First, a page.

Biographies of Amos Gitai can be regarded as a case study within the framework of inquiry proposed by the exhibition Biographical Forms. Construction and Individual Mythology.
Amos Gitai, born in Haifa in 1950, recently devoted two films to his parents, Carmel (2009) and Lullaby to My Father (2011). His mother, Efratia Munschik Margalit (1909-2004), was born in Jaffa to Russian parents. His father, Munio Weinraub Gitai, (1909-1970), an architect trained at the Bauhaus, fled from Nazi Germany in 1933.
Contemporaneous with this endeavor of the memory, the exhibition resituates the biographies in a constellation of characters that emerged and took shape in the course of various documentary investigations and fictions, beginning with House in 1980. These intersecting biographies are inscribed within a history and a geography, dramatic and sedimented. The geological and archaeological model of stratified terrain is recurrent.
The cinema is in itself a composite and hybrid art, a form of narrative that permits the assembly of certain biographical elements. In the same way, every moment in the exhibition itinerary is formed by materials (documents) reassembled around a sequence of film. Since his very first film essays, Gitai has used the recorded image and montage to question the link between biography and History, between individual itineraries and collective destiny. The lives he relates are routes of migration and dispossession.
The exhibition favors the documentary orientation and content of a prolix oeuvre. The outlines of that orientation were drawn up in the second half of the 1970s, when Gitai renounced his job as an architect to avoid contributing to the colonization of the occupied territories. From his training, Gitai has retained an interest in the spatial forms of sociality. For him, however, documentary cinema has always been a support for action in the public sphere, and above all a form of intervention in the political affairs of the Near East. His first fiction film, Esther (1985), inscribes the biblical legend within the reality and history of his native city, Haifa. The dramatic dimension of historical violence is interpreted through forms inspired by a distanced, Brechtian practice of theatre.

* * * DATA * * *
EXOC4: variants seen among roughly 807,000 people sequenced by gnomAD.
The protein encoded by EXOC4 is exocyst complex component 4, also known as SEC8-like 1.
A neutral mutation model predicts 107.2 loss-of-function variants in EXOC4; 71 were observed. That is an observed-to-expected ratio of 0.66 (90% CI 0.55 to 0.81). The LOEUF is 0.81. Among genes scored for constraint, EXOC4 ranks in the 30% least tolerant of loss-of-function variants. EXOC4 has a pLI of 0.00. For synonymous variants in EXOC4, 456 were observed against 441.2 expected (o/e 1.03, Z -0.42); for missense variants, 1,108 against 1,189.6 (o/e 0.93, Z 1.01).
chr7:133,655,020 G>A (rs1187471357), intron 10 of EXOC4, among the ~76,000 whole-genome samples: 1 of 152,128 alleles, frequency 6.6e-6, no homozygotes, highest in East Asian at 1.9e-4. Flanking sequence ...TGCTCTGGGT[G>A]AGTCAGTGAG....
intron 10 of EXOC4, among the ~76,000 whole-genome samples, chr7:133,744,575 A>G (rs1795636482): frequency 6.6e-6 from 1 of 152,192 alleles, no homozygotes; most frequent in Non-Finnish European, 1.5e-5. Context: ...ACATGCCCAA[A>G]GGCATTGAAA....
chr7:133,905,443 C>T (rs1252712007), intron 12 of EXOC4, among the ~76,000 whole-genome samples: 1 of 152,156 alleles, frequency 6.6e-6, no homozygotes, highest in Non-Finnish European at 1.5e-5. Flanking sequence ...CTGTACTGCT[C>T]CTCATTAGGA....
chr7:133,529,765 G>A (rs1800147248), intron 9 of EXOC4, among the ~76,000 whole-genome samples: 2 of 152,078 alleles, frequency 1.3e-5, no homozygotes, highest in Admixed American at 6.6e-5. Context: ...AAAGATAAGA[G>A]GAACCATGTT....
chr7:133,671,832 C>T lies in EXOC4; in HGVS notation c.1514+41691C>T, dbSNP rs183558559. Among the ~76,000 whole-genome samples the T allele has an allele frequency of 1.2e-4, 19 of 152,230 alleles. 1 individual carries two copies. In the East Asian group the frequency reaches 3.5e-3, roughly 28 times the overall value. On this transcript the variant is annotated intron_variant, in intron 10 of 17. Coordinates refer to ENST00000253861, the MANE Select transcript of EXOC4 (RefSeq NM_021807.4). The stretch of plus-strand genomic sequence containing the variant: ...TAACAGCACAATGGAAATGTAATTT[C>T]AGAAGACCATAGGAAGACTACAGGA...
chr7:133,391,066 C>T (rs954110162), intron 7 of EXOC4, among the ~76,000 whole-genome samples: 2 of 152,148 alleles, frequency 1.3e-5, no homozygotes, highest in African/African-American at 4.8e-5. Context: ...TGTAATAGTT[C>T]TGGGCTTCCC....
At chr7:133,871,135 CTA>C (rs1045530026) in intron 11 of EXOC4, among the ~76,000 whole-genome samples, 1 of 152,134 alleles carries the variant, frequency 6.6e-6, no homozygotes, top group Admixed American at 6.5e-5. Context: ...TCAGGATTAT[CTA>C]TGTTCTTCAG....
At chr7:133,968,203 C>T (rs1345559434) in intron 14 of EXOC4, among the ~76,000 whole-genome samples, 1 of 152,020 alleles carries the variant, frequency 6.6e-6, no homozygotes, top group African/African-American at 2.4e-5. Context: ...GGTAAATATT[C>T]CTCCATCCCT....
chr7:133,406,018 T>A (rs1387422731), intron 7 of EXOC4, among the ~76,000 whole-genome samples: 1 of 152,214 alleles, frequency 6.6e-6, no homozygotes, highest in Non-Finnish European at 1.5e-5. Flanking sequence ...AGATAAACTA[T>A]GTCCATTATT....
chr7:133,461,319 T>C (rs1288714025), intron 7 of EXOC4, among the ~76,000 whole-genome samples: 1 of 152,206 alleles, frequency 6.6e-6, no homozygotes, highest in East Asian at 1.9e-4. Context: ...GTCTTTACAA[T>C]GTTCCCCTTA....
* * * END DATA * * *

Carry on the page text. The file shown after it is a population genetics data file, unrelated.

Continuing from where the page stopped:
But violence is also exercised upon bodies in the everyday life of the peoples subjected to the barbarity of world economic disorder. Two films, Pineapple (1983) and Bangkok-Bahrein (1984), deal with situations of slavery that subsist for the benefit of a reinforced mobility and mobilization of labor on a global scale.
The artistic experimentation with biographical forms, autobiography included, should appear in the exhibition as the site of a critical reflection on the world. By placing his own biography in contact with the multitude of lives condemned to anonymity and silence, he actualizes the privileged posture of the “man of the world” (Baudelaire, on the “Painter of modern life”). He exposes himself to the critical gaze.
The exhibition biographies of Amos Gitai has enjoyed the cooperation of the Embassy of Israel
The organization of the encounter between Amos Gitai and Jean-François Chevrier has enjoyed the cooperation of illycaffè
Organization: Museo Nacional Centro de Arte Reina Sofía
Curator: Jean-François Chevrier
Curator's assistant: Élia Pijollet
Coordination: Leticia Sastre
For further information, please download the full press release.